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Illustration by Taryn Gee

The Enduring Legacy of A Christmas Carol

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The cruellest month, with all due respect to T.S. Eliot, has always seemed to me to be December. The holidays take over and we are subjected to tedious Christmas parties and Secret Santas, Christmas Blend at Starbucks, dreadful new covers of classic Christmas songs, bad puns (“Yes, but we have more funukkah!”), and the inevitable essay arguing that Love Actually is a terrible movie.

It’s easy to be cynical about Christmas, and in fairness there are many good reasons to be (e.g. its commercialism). There are also some wonderful aspects to it. I would argue that A Christmas Carol, one of the the season’s staples, is also one of the world’s great works of literature.

By the time he was thirty, Charles Dickens was a household name in the English-speaking world. His reputation rested on a solid foundation of four novels, each published as a serial: The Pickwick Papers, Oliver Twist, Nicholas Nickleby, and The Old Curiosity Shop.

While working on his next novel, Martin Chuzzlewit, Dickens read a government report describing the conditions of child labour in Britain. He was particularly sensitive to the plight of children: he himself had been sent to work in a shoe polish factory where, as a twelve-year-old, he worked twelve-hour shifts. Dickens initially intended to respond to the report with a pamphlet, then later changed his mind and instead wrote A Christmas Carol. It was published on December 17, 1843.

The public’s response was swift and unequivocal. Reprints were ordered by Christmas eve. William Thackeray declared the book to be “a national benefit and to every man or woman who reads it a personal kindness.” By February 1844, at least eight theatrical productions had seen the light of day. A quick glance at the Wikipedia page about adaptations of A Christmas Carol shows that our enthusiasm for the story hasn’t waned.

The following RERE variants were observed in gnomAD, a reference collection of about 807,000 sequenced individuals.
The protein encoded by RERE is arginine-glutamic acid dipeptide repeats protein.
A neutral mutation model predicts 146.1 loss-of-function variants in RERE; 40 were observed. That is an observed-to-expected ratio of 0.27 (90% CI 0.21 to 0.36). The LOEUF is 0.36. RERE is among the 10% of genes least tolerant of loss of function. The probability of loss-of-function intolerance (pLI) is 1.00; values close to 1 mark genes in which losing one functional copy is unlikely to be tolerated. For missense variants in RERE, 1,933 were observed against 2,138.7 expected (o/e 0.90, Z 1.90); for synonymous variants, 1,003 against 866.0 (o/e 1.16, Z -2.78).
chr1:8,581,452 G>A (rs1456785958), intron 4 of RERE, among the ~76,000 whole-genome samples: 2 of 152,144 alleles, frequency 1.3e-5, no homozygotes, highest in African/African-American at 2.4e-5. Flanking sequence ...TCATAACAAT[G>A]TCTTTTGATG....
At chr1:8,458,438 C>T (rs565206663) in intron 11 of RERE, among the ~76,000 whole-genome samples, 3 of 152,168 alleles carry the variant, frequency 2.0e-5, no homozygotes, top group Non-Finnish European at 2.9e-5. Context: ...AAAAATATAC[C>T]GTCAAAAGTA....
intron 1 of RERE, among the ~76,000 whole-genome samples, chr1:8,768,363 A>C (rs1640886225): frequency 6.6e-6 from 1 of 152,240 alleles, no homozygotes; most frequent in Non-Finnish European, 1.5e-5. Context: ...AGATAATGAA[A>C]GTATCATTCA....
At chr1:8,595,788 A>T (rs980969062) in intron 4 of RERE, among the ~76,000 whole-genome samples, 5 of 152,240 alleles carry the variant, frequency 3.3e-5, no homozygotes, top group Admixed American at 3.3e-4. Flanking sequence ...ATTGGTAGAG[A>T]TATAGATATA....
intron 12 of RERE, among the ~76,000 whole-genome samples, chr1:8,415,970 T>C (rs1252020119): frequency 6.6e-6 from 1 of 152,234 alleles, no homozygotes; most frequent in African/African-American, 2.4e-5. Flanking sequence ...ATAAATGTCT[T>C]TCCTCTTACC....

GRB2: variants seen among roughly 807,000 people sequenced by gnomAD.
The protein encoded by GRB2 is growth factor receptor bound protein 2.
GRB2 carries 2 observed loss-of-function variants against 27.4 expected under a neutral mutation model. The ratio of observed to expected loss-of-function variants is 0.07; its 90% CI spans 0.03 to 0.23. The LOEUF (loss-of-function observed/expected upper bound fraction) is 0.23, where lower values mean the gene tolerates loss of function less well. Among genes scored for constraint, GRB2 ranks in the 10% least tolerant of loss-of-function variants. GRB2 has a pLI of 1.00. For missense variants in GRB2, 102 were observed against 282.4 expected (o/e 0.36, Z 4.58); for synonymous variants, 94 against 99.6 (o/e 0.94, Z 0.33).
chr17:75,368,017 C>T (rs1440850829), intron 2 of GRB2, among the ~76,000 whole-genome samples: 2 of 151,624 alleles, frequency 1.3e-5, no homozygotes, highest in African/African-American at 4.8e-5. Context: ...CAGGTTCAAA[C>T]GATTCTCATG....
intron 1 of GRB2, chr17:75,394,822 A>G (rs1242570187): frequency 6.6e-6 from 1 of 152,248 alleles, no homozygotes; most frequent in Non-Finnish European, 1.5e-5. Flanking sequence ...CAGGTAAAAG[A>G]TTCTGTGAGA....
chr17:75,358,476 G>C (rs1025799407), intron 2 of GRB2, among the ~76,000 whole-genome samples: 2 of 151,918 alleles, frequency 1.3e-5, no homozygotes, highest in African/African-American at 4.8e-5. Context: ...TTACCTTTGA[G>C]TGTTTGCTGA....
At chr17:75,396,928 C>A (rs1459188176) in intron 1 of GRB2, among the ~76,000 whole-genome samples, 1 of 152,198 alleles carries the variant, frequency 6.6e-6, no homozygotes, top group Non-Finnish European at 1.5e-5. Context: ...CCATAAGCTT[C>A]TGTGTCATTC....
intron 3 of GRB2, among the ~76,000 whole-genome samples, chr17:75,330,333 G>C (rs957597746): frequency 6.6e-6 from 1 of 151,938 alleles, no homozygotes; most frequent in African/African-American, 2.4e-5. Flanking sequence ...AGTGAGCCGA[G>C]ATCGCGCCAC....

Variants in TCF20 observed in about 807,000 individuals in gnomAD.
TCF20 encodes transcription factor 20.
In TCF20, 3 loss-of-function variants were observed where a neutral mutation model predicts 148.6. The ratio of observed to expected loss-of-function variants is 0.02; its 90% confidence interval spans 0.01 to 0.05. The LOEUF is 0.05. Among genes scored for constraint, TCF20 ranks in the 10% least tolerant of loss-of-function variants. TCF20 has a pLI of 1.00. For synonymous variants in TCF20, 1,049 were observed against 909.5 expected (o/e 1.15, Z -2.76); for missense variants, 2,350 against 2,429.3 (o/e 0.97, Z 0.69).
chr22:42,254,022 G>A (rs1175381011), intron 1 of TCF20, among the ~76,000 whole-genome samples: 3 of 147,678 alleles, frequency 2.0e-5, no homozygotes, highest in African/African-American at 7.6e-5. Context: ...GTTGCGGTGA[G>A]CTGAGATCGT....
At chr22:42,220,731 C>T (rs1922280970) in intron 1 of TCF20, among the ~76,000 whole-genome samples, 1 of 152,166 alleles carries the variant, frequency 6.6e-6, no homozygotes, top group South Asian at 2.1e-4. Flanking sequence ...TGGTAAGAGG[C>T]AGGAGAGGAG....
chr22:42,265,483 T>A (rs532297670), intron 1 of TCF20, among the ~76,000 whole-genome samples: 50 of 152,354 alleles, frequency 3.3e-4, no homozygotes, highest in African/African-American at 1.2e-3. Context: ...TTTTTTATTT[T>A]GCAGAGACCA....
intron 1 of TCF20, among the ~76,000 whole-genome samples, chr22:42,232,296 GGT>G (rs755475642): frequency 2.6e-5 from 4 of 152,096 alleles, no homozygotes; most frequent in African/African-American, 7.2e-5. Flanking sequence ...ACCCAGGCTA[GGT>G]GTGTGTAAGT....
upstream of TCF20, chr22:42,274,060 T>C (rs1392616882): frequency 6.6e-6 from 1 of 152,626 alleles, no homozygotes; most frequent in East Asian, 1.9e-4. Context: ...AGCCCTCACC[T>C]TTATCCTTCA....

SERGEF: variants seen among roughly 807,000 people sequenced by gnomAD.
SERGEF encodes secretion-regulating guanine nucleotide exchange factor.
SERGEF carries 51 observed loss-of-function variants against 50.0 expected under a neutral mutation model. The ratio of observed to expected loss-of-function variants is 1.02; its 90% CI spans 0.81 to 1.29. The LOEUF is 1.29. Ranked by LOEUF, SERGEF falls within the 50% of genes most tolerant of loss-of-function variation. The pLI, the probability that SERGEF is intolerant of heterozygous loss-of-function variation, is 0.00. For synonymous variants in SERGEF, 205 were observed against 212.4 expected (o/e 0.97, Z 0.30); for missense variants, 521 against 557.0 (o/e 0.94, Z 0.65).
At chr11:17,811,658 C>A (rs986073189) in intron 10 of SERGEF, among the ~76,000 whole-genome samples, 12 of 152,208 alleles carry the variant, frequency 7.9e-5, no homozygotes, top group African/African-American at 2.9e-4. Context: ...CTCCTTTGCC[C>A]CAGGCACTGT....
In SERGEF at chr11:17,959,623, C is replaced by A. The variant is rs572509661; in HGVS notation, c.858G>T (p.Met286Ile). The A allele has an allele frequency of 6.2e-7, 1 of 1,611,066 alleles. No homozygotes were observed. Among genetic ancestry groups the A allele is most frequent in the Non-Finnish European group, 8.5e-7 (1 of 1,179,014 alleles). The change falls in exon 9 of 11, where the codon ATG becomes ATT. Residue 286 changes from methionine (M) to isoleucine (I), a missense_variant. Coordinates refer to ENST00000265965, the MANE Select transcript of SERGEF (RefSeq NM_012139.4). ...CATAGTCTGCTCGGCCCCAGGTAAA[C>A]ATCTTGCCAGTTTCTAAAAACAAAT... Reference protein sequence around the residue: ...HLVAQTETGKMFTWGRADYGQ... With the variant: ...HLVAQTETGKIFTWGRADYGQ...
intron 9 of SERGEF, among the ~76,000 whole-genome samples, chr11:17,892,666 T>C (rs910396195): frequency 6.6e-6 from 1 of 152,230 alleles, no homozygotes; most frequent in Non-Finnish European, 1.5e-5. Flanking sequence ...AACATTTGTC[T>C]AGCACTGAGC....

Why does A Christmas Carol consistently strike a chord with its audience? An inkling may be found in G.K. Chesterton’s assertion that the literary description of happiness as a state has been, by and large, a failure; he singles out Dickens’ Christmas tales as one of the few exceptions. “The beauty and the real blessing of [A Christmas Carol] lie in the great furnace of real happiness that glows through Scrooge and everything around him; that great furnace, the heart of Dickens.”

The ‘heart’ of Dickens permeates A Christmas Carol. During its composition, Dickens said that he “wept, and laughed, and wept again, and excited himself in a most extraordinary manner.” When Scrooge’s nephew describes Christmas as “the only time I know of, in the long calendar of the year, when men and women seem by one consent to open their shut-up hearts freely, and to think of people below them as if they really were fellow passengers to the grave, and not another race of creatures bound on other journeys,” we have a beautiful and perfect summation of both Dickens’ convictions as a humanist and his gift as a writer.

A Christmas Carol is a potent hymn to humanism, the hope of redemption, and the power of the imagination. It’s one of the earliest examples of time travel in fiction. It’s great storytelling.

But for me, what makes A Christmas Carol such an important work is that it is one of the most compelling memento mori in the canon of literature, a stunning meditation on mortality and the meaning of life that can be enjoyed by adults and children alike. George Santayana put it most succinctly: “I think Dickens is one of the best friends mankind has ever had.”


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First Publication – December 2014

A modified version of this essay was used as the programme note for the 2007 production of A Christmas Carol at Toronto’s Soulpepper Theatre.

The illustration is by Taryn Gee.